Merging fun

Yesterday, commit number 379 and 380 introduced a renewed implementation of the constant-propagation, and new functionality for finding vulnerabilities. You guessed it, the merging of constant-propagation and vulnerability analysis has taken off! The cool things are that 1) the old tests all pass, 2) some new tests pass and 3) I get to write a lot more tests!

The main reason for starting the integration of both analysis was the fact that I saw a lot of code duplication popping up. This duplication was caused by the fact that the bookkeeping of internal structures is the same for all strategies, the code only differs for the properties of values.

With this last piece of information I started to merging. My first approach consisted of trying to pass a list of get-set strategies to the main-strategy and calling these strategies dynamically. This was obviously not a very good or nice start because it always seem to result in numerous segmentation faults.

Thinking about the problem made the second attempt somewhat more pragmatic. Instead of generalizing I just wanted to make it work for constant propagation in combination with a second analysis. So I rewrote the strategy to receive two strategies, one for getting the properties of literals and one for getting the properties of operators. The choice for these language constructs is based on the reasoning that these constructs are the only ones that make or manipulate the actual properties of values. The other language constructs manipulate the flow of the values instead of the actual values.

When this all seemed to work the more difficult challenge had to be solved, manipulation of variables and arrays. It turned out to be more simplistic then I thought because of the indirection between the variables and their values. For the purpose of dealing with aliasing, a variable does not point to a value but rather to a value-identifier. This identifier points to the actual value. This makes the creation of a reference easier, we just create a mapping from a variable to the value-identifier of the referenced variable. Because of this indirection we can simply make the value-identifier point to more then one property, implemented by a dynamic-rule for each property. This makes the merging of sets of dynamic rules a bit harder, but not impossible.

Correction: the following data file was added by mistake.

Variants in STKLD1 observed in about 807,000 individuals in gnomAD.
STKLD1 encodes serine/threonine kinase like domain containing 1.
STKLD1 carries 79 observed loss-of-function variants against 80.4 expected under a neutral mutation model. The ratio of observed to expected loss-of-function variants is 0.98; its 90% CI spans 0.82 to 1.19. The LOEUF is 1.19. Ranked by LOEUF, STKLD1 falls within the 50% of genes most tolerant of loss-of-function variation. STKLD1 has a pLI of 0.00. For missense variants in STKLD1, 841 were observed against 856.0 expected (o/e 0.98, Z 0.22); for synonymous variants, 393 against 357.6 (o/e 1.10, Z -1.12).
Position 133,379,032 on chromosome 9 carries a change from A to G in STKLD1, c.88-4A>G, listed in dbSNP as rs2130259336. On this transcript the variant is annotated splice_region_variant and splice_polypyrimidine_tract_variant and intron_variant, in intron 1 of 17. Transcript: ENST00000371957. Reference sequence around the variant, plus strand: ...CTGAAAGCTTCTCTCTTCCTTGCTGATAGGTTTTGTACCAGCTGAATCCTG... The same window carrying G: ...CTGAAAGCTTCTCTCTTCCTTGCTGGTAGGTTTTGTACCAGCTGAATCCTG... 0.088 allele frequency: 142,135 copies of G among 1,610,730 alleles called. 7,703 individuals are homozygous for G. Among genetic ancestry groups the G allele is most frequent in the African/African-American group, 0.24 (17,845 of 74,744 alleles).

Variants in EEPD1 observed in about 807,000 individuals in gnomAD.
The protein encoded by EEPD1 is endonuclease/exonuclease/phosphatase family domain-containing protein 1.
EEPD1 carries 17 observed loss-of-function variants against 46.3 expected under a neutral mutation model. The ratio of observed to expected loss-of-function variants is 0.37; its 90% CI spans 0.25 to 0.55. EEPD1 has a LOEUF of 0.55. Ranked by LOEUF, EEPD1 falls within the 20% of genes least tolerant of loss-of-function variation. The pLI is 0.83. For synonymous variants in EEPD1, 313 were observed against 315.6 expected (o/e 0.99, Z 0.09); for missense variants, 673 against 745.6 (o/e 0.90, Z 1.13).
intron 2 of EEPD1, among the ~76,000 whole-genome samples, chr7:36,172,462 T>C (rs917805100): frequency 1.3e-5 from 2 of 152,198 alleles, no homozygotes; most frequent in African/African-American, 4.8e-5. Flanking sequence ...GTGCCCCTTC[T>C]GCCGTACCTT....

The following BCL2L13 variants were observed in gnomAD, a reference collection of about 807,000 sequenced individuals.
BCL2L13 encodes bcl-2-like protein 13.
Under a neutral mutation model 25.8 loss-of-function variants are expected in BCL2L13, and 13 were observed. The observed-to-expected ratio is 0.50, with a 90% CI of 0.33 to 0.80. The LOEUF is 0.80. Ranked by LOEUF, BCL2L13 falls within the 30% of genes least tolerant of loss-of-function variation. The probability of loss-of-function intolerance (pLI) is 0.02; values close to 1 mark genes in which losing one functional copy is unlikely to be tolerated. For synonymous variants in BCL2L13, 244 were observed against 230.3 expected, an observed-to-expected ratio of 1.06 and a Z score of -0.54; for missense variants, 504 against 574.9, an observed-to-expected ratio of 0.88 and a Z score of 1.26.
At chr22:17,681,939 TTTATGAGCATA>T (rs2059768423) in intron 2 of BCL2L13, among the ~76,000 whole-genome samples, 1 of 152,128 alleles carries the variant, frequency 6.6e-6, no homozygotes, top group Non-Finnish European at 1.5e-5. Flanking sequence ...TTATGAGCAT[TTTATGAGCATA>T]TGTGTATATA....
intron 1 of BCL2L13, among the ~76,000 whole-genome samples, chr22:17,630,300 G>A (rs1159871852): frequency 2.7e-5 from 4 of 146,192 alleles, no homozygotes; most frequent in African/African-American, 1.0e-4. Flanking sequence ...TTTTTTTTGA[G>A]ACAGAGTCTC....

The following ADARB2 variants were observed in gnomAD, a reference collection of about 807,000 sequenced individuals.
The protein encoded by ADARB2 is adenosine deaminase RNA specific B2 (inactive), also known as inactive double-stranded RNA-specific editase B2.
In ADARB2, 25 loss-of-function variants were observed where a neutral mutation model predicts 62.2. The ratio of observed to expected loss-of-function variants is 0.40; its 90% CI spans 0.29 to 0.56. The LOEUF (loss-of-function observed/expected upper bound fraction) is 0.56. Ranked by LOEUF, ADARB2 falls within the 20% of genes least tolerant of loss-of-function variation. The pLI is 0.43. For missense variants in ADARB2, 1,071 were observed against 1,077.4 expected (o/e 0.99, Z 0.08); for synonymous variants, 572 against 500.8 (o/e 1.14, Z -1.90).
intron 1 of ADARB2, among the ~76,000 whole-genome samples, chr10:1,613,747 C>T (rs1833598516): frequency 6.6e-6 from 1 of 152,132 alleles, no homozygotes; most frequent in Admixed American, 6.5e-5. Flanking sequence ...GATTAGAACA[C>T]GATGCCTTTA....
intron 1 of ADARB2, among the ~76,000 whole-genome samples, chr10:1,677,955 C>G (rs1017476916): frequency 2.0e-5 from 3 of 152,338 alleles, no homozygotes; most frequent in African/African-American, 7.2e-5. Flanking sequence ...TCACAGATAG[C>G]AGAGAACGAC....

It might sound simple (or incomprehensible), but getting everything right was still a bit tricky. For example, when an assignment is made the property of the RHS must be known before the LHS can be assigned this property. So what happens when the constant propagation cannot compute a value, should we simply fail to assign a property?
The answer is no, the second analysis might still be successful. These kind of little problems made the implementation a little less straight-forward, and the code a little less beautiful.

However, the result of it all is that the following example is now flagged correctly:
<?php
$foo = $_GET['asdf'];
$bar = 1;
$bar =& $foo;
echo $bar;
?>
In this case, echo $bar will be flagged by the latest php-sat.

I experienced one problem with the implementation that is related to the semantics of Stratego. My first attempt in adding an annotation to a term was something like this:
 add-php-simple-value(|val):
t{a*} -> t{annos}
where b* := a*
; annos := [PHPSimpleValue(val) | b*]
This works perfectly, the annotations are matched as a list by the *-syntax, and a list is added as an annotation to the term again. The only problem with this is that the second time this rule is applied it matches the annotations as a list of a list of annotations, which was not the behavior I desired. This problem is easily solved by also adding a * to build the term:
 add-php-simple-value(|val):
t{a*} -> t{annos*}
where b* := a*
; annos* := [PHPSimpleValue(val) | b*]
Now the list of annotations is not wrapped in an actual list anymore. I know it is documented somewhere, but this little explanation might save some others from an headache or a long debug-session.

The next step in the analysis for vulnerabilities is a rather important one: testing. Even though the basic parts of variables and assignments are already tested, there exists a large number of scenarios that need to be tested on this new integration-strategy.
But hey, testing is fun!

1 comment:

Martin said...

hm, yes, the relevance of the * in a variable name is indeed somewhat obscure.

The idea of list variables might be more clear if they would be forbidden outside of a list (so [a*] is ok, a plain a* is not).